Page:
A report issued by the World Energy Council says fossil fuels will continue to dominate the energy sector for the foreseeable future. The report made it clear that fears expressed in respect of so-called “peak oil” were unlikely to be realized within the next forty years at least.

In July, US oil refiners exported a record 3.8 million barrels of oil products a day — an increase of nearly two thirds from 2010 exports.

Operators of some of the largest US truck fleets, including Lowe’s., Procter & Gamble Co. and United Inc. are shifting to natural gas fueled trucks, betting on new engine technology that promises to substantially lower fuel costs.

Since July, plans have been announced for three large railroad loading terminals in western Canada with the combined capacity of 350,000 barrels a day — equivalent to roughly 40% of the capacity of the proposed Keystone XL pipeline. Over all, Canada is poised to quadruple its rail-loading capacity over the next few years to as much as 900,000 b/d, up from 180,000 today. The oil industry may simply bypass the pipeline opposition by using rail to export to the US.

The Canadian provinces of Alberta and British Columbia have agreed on a framework for the construction of an oil pipeline to carry crude oil from Alberta’s oil sands to the Pacific Ocean for transhipment to Asian markets. The agreement does not appear to endorse any particular pipeline or energy export project. Instead, it lays out the terms under which a future project would be negotiated.

The Canadian province of New Brunswick announced it is proceeding with hydraulic fracturing for shale gas while the neighbouring province of Newfoundland said it is introducing a moratorium on this technology.

Canada’s National Energy Board approved an application by ConocoPhillips to begin drilling two exploratory wells for oil above the Arctic Circle in the Northwest Territories, the first such permission granted for hydraulic fracturing of horizontally drilled wells in the Canadian Arctic.

Suncor Energy will proceed with the $12.9 billion Fort Hills oil sands project as it seeks to increase production. The venture with Total and Teck Resources will begin producing crude in 2017, adding 180,000 b/d of output in northern Alberta, Canada.

Shell announced last week it was moving ahead with an oil sands project in Alberta, Canada, expected to produce 80,000 barrels of oil per day. Shell will use steam injection to heat the oil and plans to eliminate the need for freshwater used for steam generation through recycling of water produced with the oil.

Shell will make another attempt to drill for oil off Alaska’s arctic coast. Shell has devoted nearly $5 billion and eight years of work for its arctic oil exploration in the Chukchi and Beaufort seas.

Alaskan oil output has declined every year since 2002 as the yield from existing wells shrinks. Alaska North Slope crude production averaged 534,306 barrels a day in October, down from 572,589 a year earlier.

Phillips 66 plans to build a terminal in the US state of Texas aimed at exporting propane and butane to meet growing demand for those fuels, which are being produced in the US alongside crude oil and natural gas.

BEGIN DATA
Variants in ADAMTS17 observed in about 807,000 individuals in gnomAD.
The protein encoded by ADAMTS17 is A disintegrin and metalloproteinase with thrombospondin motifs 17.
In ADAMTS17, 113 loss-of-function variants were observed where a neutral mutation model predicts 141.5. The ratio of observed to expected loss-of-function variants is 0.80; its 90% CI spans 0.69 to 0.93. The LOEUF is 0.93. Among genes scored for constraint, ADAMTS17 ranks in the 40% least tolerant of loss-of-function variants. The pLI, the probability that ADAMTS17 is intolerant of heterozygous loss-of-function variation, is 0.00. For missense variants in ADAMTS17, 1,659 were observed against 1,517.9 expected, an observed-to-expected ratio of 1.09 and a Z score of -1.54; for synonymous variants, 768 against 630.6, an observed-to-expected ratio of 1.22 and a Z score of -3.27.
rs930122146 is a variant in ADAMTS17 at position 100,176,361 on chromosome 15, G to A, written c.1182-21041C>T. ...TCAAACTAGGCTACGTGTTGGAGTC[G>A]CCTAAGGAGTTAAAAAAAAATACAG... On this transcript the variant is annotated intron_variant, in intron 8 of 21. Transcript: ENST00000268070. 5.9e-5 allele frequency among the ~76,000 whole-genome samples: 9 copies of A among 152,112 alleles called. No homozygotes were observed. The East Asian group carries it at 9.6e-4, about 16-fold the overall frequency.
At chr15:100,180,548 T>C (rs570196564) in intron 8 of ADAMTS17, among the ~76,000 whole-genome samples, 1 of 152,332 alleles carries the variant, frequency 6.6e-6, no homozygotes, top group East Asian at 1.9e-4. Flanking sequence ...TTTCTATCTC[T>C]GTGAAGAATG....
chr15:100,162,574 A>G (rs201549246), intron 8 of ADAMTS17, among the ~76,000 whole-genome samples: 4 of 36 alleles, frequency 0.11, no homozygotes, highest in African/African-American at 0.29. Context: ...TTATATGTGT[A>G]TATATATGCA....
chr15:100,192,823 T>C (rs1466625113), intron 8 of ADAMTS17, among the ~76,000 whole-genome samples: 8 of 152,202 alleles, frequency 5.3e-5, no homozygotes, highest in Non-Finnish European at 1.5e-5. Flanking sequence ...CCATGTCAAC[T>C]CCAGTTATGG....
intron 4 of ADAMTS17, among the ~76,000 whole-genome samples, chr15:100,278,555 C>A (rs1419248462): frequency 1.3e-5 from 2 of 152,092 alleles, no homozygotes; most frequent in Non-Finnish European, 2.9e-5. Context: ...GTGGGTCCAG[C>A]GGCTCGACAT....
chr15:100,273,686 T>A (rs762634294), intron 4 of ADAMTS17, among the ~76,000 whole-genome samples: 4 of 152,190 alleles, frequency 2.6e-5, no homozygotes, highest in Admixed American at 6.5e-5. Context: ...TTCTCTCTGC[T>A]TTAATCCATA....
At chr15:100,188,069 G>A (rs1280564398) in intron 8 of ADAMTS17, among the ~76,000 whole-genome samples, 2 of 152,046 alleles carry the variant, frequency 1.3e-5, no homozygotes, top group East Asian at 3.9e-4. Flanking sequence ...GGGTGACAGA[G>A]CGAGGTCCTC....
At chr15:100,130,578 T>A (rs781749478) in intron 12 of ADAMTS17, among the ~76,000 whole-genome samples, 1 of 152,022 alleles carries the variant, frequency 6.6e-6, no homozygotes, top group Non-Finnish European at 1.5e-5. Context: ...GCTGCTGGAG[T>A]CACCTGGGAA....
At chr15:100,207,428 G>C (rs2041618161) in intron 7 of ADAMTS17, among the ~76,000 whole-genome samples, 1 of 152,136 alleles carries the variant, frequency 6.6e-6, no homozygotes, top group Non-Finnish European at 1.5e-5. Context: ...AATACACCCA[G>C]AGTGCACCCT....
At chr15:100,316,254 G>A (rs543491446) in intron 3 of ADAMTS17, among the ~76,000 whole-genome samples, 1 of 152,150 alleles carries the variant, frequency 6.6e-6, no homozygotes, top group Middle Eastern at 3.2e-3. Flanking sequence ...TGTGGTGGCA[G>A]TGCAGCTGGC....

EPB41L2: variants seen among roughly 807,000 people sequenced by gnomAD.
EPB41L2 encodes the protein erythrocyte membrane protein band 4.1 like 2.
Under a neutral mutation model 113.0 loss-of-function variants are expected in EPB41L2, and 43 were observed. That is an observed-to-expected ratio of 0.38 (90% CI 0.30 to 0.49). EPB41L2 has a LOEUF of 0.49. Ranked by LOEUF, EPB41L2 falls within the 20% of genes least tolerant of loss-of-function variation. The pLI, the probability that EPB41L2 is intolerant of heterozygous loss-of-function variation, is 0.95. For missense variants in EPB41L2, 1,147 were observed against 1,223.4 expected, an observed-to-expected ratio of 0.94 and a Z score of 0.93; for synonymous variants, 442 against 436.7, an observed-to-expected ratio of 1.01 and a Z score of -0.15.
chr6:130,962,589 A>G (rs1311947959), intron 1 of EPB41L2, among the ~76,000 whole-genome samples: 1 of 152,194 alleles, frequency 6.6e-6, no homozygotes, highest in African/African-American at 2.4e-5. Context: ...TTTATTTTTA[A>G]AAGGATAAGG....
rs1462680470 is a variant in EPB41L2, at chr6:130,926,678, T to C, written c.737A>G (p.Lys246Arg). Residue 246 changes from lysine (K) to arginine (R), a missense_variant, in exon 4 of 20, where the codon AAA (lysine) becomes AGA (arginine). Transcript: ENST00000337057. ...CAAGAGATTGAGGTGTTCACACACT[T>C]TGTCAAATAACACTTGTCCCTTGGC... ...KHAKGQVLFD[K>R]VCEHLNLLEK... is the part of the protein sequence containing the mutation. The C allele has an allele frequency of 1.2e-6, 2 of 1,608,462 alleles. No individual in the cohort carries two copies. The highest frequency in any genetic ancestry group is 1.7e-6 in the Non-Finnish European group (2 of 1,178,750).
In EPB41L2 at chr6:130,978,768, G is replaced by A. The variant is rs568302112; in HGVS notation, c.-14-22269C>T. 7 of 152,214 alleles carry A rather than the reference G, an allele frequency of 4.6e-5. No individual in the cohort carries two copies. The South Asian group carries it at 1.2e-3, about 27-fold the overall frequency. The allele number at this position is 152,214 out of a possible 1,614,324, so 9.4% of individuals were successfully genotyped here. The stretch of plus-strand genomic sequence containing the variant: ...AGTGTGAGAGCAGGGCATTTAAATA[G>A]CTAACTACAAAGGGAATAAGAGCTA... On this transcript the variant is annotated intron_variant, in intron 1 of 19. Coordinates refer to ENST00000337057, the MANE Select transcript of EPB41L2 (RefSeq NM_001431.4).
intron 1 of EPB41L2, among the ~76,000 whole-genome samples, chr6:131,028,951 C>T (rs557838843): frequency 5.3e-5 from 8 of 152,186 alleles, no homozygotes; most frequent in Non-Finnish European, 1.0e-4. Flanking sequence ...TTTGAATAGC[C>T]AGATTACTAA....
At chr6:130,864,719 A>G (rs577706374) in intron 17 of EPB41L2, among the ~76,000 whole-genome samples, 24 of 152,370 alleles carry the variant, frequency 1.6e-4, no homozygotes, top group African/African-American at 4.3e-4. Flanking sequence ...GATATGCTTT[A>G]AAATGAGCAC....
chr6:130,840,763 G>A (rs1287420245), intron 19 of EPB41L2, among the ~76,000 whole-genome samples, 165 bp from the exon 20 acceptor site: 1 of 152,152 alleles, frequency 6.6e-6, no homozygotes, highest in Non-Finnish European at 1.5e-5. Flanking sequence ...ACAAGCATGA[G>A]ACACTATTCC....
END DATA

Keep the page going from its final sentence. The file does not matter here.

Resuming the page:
The US state of California has approved new legislation allowing hydraulic fracturing and acid treatments to rejuvenate its ageing natural gas wells in exchange for strict controls and tougher enforcement.

The Gulf of Mexico is on the verge of its biggest supply surge ever. Over the next three years, the Gulf is poised to deliver more than 700,000 b/d of new crude, reversing a decline in production and potentially rivaling shale oil hot spots like Texas’s Eagle Ford formation in terms of growth.

Petroleo Brasileiro’s claimed the company’s oil and gas production will increase from an average 2.2 million barrels of oil equivalent per day in 2012 to 5.7 million boepd by 2020. To reach that mark, the company will invest $237 billion.

Brazil is taking steps to stem huge losses on sales of diesel and gasoline that have raised questions about its ability to run a huge investment program. Strong growth in sales of cars and trucks has led to record fuel demand in Brazil. Petrobras currently imports expensive gasoline and diesel from abroad and sells them at a loss.

China’s biggest state-owned oil firms, sitting on ageing fields, are scrambling to ramp up crude oil and natural gas production to meet increasing domestic demand through a slew of investments that also risk pushing up their costs. They have also invested heavily in risky projects such as deepwater drilling at home and abroad. These investments, which mirror a trend in the global oil industry, will increase costs.

Russian energy company Gazprom said it wasn’t ready to examine the shale natural gas potential in the country because of abundant conventional reserves.

Saudi Arabia and the United Arab Emirates, two of the world’s leading crude oil producers, are leading a Middle Eastern effort to develop solar energy, with plans for projects requiring $1.5 billion in investment by the end of 2014. The program is designed to free up for export increasing amounts of crude oil and natural gas currently being used domestically for power generation.

So far some 170,000 electric vehicles have been sold worldwide since 2011. Nissan leads the list with over 100,000 sales of its Leaf and is followed by Renault with 40,000 sales. Renault owns 43% of Nissan.  Other sellers include Tesla, GM, Ford and Volvo.  To put these numbers in perspective, global passenger car sales exceeded 80 million in 2012.

Bicycle sales outpaced new-car sales last year in every one of the 27 countries in the European Union except Belgium and Luxembourg.

 

with h/t Tom Whipple

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